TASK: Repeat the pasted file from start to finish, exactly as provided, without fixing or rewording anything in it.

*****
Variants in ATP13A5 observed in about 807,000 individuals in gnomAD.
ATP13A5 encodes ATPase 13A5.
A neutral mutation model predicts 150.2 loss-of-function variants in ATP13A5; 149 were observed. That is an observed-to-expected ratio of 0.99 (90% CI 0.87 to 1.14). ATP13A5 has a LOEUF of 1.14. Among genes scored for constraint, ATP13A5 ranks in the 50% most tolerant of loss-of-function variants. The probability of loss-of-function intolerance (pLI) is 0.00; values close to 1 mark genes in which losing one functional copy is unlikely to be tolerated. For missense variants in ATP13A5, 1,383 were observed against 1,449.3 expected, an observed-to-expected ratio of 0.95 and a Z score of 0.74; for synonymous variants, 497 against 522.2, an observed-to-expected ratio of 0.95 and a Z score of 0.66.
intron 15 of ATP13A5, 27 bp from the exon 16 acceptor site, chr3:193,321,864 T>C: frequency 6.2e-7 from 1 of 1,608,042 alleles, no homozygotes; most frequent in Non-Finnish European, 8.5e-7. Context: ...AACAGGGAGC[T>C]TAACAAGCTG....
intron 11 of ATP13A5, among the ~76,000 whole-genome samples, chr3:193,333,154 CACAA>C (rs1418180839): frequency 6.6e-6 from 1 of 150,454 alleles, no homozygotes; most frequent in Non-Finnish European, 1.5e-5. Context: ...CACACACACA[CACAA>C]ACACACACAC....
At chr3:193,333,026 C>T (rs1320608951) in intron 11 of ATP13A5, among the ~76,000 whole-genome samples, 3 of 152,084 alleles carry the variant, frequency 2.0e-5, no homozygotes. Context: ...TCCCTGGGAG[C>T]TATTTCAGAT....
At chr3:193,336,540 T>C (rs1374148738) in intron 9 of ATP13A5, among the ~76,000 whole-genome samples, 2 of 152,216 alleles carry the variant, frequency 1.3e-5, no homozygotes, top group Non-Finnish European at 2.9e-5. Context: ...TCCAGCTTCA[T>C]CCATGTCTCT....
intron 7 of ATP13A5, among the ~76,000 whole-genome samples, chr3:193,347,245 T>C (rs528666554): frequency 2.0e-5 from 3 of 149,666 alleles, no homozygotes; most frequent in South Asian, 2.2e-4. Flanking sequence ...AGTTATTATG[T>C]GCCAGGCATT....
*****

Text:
Variants in ATP13A5 observed in about 807,000 individuals in gnomAD.
ATP13A5 encodes ATPase 13A5.
A neutral mutation model predicts 150.2 loss-of-function variants in ATP13A5; 149 were observed. That is an observed-to-expected ratio of 0.99 (90% CI 0.87 to 1.14). ATP13A5 has a LOEUF of 1.14. Among genes scored for constraint, ATP13A5 ranks in the 50% most tolerant of loss-of-function variants. The probability of loss-of-function intolerance (pLI) is 0.00; values close to 1 mark genes in which losing one functional copy is unlikely to be tolerated. For missense variants in ATP13A5, 1,383 were observed against 1,449.3 expected, an observed-to-expected ratio of 0.95 and a Z score of 0.74; for synonymous variants, 497 against 522.2, an observed-to-expected ratio of 0.95 and a Z score of 0.66.
intron 15 of ATP13A5, 27 bp from the exon 16 acceptor site, chr3:193,321,864 T>C: frequency 6.2e-7 from 1 of 1,608,042 alleles, no homozygotes; most frequent in Non-Finnish European, 8.5e-7. Context: ...AACAGGGAGC[T>C]TAACAAGCTG....
intron 11 of ATP13A5, among the ~76,000 whole-genome samples, chr3:193,333,154 CACAA>C (rs1418180839): frequency 6.6e-6 from 1 of 150,454 alleles, no homozygotes; most frequent in Non-Finnish European, 1.5e-5. Context: ...CACACACACA[CACAA>C]ACACACACAC....
At chr3:193,333,026 C>T (rs1320608951) in intron 11 of ATP13A5, among the ~76,000 whole-genome samples, 3 of 152,084 alleles carry the variant, frequency 2.0e-5, no homozygotes. Context: ...TCCCTGGGAG[C>T]TATTTCAGAT....
At chr3:193,336,540 T>C (rs1374148738) in intron 9 of ATP13A5, among the ~76,000 whole-genome samples, 2 of 152,216 alleles carry the variant, frequency 1.3e-5, no homozygotes, top group Non-Finnish European at 2.9e-5. Context: ...TCCAGCTTCA[T>C]CCATGTCTCT....
intron 7 of ATP13A5, among the ~76,000 whole-genome samples, chr3:193,347,245 T>C (rs528666554): frequency 2.0e-5 from 3 of 149,666 alleles, no homozygotes; most frequent in South Asian, 2.2e-4. Flanking sequence ...AGTTATTATG[T>C]GCCAGGCATT....